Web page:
The DIG market makers manipulate the market, but they themselves, are manipulatable. As I indicated above, over time and through much trading experience, I have developed techniques which entice the market makers of the DIG to temporarily raise the price and lower the price. This impacts the whole market. Usually, when I sell they raise the price and when I buy they lower the price. Nevertheless, I have been able, in numerous occasions to manipulate the manipulators by feeding their greed. All market makers can be manipulated because of their greed. This is a big subject that I can not explain in this short letter. To resolve the problem of market manipulation, my suggestion is, to prohibit the market makers (and or their employers) from trading on their own behalf the stocks whose trading they facilitate. They have a conflict of interest.
Here is another problem with the stock market. People are told by their investment counselors to buy stocks while the stocks are going up (on the rise) and sell them when they drop below a particular safety point. For example, people are told to set a limit order (set a buy stop order) to buy a stock when it rises to a certain point. They are also advised, after they buy the stock, to set a limit order (a stop loss order) to sell that stock if it drops below a certain point (percentage). (The Investopedia defines a stop loss order as, It's a simple but powerful tool to help you implement your stock-investment strategy. ) This tool is a recipe for failure (which many people experienced in the past week). Here is why.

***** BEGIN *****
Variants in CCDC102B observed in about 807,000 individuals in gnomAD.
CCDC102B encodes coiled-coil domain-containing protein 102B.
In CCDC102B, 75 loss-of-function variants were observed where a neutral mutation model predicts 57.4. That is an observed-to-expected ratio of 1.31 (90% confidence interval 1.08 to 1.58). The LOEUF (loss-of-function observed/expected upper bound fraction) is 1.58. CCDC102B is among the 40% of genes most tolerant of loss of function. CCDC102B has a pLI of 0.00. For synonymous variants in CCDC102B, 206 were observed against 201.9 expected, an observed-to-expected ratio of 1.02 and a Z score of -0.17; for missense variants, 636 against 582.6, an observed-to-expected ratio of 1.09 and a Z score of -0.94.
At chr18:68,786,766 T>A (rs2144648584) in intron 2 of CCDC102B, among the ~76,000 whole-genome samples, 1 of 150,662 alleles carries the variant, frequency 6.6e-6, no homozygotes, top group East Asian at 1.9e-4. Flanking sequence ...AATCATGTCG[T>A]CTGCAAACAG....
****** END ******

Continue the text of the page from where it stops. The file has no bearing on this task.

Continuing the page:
The market makers see all the stop loss orders in Level Three. Such orders (Level Three) are not visible to the public. Also, the market makers are allowed to trade for themselves or trade for their employer (the company, which bought the trading seat from the exchange, to conduct the trading of a particular stock). So they occasionally drop the price drastically and fill the stop loss orders: thus, they buy low. Then, in the next day or few days later they intentionally raise the price and sell those shares at a high price to those who place buy stop orders. Thus they buy low and sell high other peoples shares. (What a piece of cake.) This system breeds corruption. The market makers are tempted by other peoples money They are like most humans: essentially greedy. There is a saying padlocks keep the honest people honest. The stock market needs padlocks.
Here is another problem with the stock market system. People are allowed to sell other peoples shares. They call this practice shorting. Shorting causes the price of the stock to drop. The true owners of the stock get nervous by the price drop, and so they sell their stock at a loss and get out. This selling causes a precipitous drop. This is why the market is so volatile. Short selling destroys faith in the value of stock. Imagine if you could sell someones home, while that person owns that home and lives in it, and cause the price of his home to drop and cause the homeowner to sell his home and lose money. It does not make sense. Why should stock ownership be different from home ownership?
If you are looking for ways to improve the economy of the United States, look into these inequities.